On 26 June 2012, the Law Commission and Scottish Law Commission published their third Consultation Paper on the law of insurance contracts. This paper covers the business policyholder’s duty to give pre-contract information to an insurer. Among other things, the paper proposes a more onerous duty on the insurer to make enquiries and that a range of remedies for non-disclosure / misrepresentation other than the insurer being permitted not to provide any cover at all. It further proposes that basis of contract clauses no longer be used and allowing the insured to cure breaches of warranty, so that the insurer’s liability to provide cover under the contract can be recommenced thereafter.
FSA provide feedback on Solvency II and linked long term insurance business
The Financial Services Authority (FSA) has published its feedback on linked long-term insurance business under Solvency II. The feedback considers the changes to rules currently contained in section 21 of the Conduct of Business Sourcebook. The consultation paper, published in November 2011, set out the FSA’s proposed amendments in respect of unit-linked and index-linked insurance policies. In its feedback statement, the FSA commented that it was surprised to have only received 20 responses to the consultation, given the significance of linked long term business in the UK life insurance sector. The FSA intends to publish a policy statement “in the near future” which will include all the FSA Handbook changes in respect of which there has been consultation as part of the Solvency II transposition.
Solvency II equivalence arrangements and timetable spark dissent at ABI seminar
The timetable and arrangements for Solvency II equivalence have been criticised at a seminar organised by Sidley Austin and the ABI. Jonathan De Beer, policy adviser, Solvency II, ABI, said that the five-plus-one-year period set by the European Commission for temporary equivalence was far too short. In addition, concerns were also expressed that third countries without European operation had not been provided with sufficient reasons to apply for equivalence.
FSA announces intention to extend and deepen its focus on large insurers
On July 4 2012, the FSA announced at its annual public meeting that it was reviewing its approach to wholesale markets including insurance, as well as increasing its focus on large insurers. It was stated that this was due to the negative effects suffered by the retail investors in insurance companies from poor practices that cause unreasonable shifts in income to the industry away from some retail consumers. It confirmed that the implementation of the new regulatory regime and the costs of the FSA’s work programme for insurers were the principal drivers of the significant fee increases affecting some firms.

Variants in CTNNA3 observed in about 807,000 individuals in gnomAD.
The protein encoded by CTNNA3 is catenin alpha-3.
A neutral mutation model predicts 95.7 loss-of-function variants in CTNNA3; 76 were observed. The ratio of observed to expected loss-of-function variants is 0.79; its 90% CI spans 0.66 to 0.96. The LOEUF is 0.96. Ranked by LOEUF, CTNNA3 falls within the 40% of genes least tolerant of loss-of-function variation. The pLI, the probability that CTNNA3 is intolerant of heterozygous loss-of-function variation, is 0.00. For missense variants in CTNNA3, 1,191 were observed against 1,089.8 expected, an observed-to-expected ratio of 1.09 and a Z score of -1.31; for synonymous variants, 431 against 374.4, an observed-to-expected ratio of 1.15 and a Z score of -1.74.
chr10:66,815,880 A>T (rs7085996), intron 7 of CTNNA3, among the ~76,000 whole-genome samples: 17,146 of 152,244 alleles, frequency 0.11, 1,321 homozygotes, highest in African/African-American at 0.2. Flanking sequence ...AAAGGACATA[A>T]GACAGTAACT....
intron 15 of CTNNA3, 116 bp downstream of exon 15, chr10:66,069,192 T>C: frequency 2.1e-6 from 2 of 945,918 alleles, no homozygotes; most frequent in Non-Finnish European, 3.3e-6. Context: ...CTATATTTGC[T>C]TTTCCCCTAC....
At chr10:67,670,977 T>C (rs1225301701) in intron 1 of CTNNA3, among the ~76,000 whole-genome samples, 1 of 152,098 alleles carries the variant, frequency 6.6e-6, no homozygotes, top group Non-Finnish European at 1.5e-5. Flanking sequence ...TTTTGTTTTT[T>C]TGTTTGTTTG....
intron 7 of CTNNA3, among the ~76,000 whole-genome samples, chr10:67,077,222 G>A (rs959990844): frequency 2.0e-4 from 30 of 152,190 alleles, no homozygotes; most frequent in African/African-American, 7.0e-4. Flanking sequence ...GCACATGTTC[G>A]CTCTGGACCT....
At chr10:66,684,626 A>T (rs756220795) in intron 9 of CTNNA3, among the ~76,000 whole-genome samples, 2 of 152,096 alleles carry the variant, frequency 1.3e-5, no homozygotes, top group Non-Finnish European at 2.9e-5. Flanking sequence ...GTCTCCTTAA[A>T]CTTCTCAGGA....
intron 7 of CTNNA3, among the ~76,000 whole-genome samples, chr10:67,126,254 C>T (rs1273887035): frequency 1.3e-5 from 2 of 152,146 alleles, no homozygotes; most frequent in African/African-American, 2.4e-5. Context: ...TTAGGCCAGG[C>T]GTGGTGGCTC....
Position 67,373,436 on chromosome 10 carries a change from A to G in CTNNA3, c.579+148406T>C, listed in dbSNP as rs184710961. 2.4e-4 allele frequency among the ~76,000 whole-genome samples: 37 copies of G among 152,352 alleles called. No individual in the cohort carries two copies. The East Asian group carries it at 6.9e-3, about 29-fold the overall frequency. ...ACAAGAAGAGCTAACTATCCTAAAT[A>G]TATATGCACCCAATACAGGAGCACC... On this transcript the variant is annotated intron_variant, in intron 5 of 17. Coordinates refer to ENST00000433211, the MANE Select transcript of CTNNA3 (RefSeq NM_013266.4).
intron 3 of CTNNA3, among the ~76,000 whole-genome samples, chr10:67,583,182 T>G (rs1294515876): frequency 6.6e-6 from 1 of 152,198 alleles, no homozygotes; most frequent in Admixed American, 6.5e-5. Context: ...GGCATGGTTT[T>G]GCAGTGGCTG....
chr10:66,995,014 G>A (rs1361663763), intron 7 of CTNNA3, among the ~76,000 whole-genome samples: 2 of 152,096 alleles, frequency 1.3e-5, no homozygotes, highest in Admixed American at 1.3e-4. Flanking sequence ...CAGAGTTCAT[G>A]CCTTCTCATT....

EIOPA publishes outcome of the public consultation of Solvency II reporting and disclosure requirements for insurers
On 10 July 2012 the European Insurance and Occupational Pensions Authority (EIOPA) published its final report on reporting and disclosure requirements for insurance undertakings and insurance groups. EIOPA has sought to weigh potential costs as against potential benefits in setting out its proposed requirements. It has proposed reporting templates which it hopes “will improve the efficiency of the risk- based Supervisory Review Process and thus, will enhance the protection of policyholders”. EIOPA also expresses the view that despite potential changes regarding the implementation of Solvency II related to finalisation of the Omnibus II Directive, the industry should use this final report as a basis to commence implementation.
Flight cancellation insurance in Europe must be “opt-in” – Court of First Instance
On 19 July 2012, the Court of First Instance (CFI) held that sellers of airline tickets cannot include flight cancellation insurance as a default setting when selling tickets. The decision followed a reference from the Higher Regional Court of Cologne. The reference to the CFI concerned an action against ebooker.com Deutschland. It was held that flight cancellation insurance was an “optional price supplement” under Regulation 1008/2008 which must be offered on an opt-in basis, even if the service is not provided by the party selling air travel. The CFI considered that to hold otherwise would be at odds with Regulation 1008/2008’s objective of protecting consumers.
International Association of Insurance Supervisors publishes paper on reinsurance and financial Stability
On 19 July 2012, the International Association of Insurance Supervisors (IAIS) published a paper on reinsurance and financial stability. The paper concludes that the flow of risk involved in traditional reinsurance activity tends to be confined to the insurance market and is unlikely to spill over into the broader financial market. It notes that when reinsurers have failed in the past, primary insurers have been in a position to sustain the impact. The paper does point that where reinsurers engage in alternative risk transfer and other non-reinsurance activities (for example, underwriting of credit default swaps and collateralised debt obligations) there are potential systemic risk implications.
EIOPA publishes report on insurance guarantee schemes
EIOPA published a report (IGS Report) on 24 July 2012 on Insurance Guarantee Schemes (IGSs) in relation to the winding up of insolvent insurance undertakings in the EU/EEA. EIOPA has stated that the IGS Report highlights that harmonisation is lacking in areas such as (i) which authority takes the decision to intervene when an insurance undertaking becomes insolvent (ii) the ability to provide for a portfolio transfer (iii) pre-warning systems when an insurance undertaking is in difficulty and (iv) the role of the supervisory authority when an insurance undertaking becomes insolvent. Gabriel Bernardino, Chairman of EIOPA has written that the IGS Report illustrates that while limited coverage is generally available in all jurisdictions, the provision of comprehensive coverage is not widespread and is generally only applied in relation to motor insurance.